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Workers prepare to tackle Hanford’s potentially deadly spill via Tri-City Herald

The initial work has begun to clean up a spill of Hanford waste so radioactive that it would be lethal within two minutes of contact.

Workers have entered the airlock of the nuclear reservation’s 324 Building for the first time in 15 years. 

Beneath the Cold War-era building lies the spill of cesium and strontium, a nasty surprise found by workers in 2010.

The building, which is about 1,000 feet from the Columbia River, has been left standing to provide shielding from the radiation beneath it until contamination can be removed using remotely operated equipment.

Entering and cleaning out the airlock is an early step toward installing the equipment to clean up the spill and then tear down the building.

[…]

The 324 Building, built in the mid-1960s and operated until 1996, housed thick-walled rooms called “hot cells” where workers used remotely operated equipment to perform work with highly radioactive materials.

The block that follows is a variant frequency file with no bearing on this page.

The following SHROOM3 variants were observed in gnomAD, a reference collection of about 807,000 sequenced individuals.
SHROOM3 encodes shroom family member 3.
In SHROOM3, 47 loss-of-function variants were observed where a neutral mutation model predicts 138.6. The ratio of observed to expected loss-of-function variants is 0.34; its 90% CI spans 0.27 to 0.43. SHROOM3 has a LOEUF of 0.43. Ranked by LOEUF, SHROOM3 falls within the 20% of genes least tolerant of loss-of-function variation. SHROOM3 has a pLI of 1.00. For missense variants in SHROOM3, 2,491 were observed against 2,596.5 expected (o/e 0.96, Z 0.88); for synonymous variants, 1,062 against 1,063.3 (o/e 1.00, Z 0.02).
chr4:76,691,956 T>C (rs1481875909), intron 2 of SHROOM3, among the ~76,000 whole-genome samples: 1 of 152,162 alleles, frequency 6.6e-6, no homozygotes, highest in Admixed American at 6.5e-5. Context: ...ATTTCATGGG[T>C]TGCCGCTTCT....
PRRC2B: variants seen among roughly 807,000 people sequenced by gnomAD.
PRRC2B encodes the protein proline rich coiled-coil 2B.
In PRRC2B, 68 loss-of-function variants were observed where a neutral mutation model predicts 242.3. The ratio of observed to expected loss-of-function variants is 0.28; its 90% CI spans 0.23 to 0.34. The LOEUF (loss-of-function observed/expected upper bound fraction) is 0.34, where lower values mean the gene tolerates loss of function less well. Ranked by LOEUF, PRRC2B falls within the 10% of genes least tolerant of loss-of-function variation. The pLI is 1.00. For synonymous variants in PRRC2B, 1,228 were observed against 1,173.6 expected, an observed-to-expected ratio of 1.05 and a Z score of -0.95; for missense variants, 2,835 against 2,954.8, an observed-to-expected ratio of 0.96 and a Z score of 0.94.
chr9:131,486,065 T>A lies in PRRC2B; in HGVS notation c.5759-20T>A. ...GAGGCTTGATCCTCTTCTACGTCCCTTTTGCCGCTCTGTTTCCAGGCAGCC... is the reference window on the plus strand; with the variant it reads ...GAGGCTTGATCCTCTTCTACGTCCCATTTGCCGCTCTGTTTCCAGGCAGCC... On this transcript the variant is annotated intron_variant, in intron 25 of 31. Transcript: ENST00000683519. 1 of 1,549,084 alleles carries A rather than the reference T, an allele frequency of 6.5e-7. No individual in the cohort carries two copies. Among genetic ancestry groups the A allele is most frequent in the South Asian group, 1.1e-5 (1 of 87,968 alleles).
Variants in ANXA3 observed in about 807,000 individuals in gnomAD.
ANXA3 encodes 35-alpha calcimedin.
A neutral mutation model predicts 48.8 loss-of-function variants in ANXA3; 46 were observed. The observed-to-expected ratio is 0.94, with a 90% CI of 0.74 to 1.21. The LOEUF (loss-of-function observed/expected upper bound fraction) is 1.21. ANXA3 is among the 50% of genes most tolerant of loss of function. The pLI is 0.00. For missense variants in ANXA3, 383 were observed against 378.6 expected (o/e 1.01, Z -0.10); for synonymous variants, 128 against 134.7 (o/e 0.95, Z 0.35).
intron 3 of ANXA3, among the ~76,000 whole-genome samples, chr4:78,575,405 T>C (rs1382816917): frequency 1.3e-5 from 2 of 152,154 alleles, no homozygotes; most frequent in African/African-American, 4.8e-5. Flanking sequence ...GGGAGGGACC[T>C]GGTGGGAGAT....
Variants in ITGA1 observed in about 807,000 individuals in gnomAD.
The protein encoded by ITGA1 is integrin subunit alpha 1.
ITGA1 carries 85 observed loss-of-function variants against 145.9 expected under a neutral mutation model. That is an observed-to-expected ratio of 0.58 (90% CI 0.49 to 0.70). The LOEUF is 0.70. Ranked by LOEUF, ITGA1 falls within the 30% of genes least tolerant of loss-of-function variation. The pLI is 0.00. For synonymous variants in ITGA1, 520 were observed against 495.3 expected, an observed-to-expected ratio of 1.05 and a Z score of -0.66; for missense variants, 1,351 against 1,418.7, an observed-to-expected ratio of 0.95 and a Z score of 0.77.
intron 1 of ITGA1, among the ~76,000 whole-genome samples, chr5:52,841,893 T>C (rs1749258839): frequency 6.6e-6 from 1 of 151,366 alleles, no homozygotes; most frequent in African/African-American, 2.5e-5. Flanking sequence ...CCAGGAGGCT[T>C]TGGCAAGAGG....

As workers were decontaminating the building for demolition in 2010, they discovered the cesium and strontium that had leaked from the B Cell into the soil.

A spill during work in the 1980s for Germany is suspected of making its way through the cracked lining of a sump at the bottom of the cell. Workers were fabricating concentrated cesium and strontium into a heat source for Germany to test a repository for radioactive waste, which emits heat.

By stopping the planned demolition when the spill was discovered and leaving the building standing, the structure not only provides a barrier against the radiation, it acts as an umbrella. Precipitation could carry contamination deeper in the soil toward the groundwater.

The 324 Building is one of only a few buildings still standing in the 300 Area, as more than 170 buildings in the Hanford complex just north of Richland have been demolished as part of environmental cleanup over the last decade.

[…]

At Hanford’s Maintenance and Storage Facility, a 28,000-square-foot building no longer needed to serve the deactivated Fast Flux Test Facility, some of the testing for the 324 Building project is being done.

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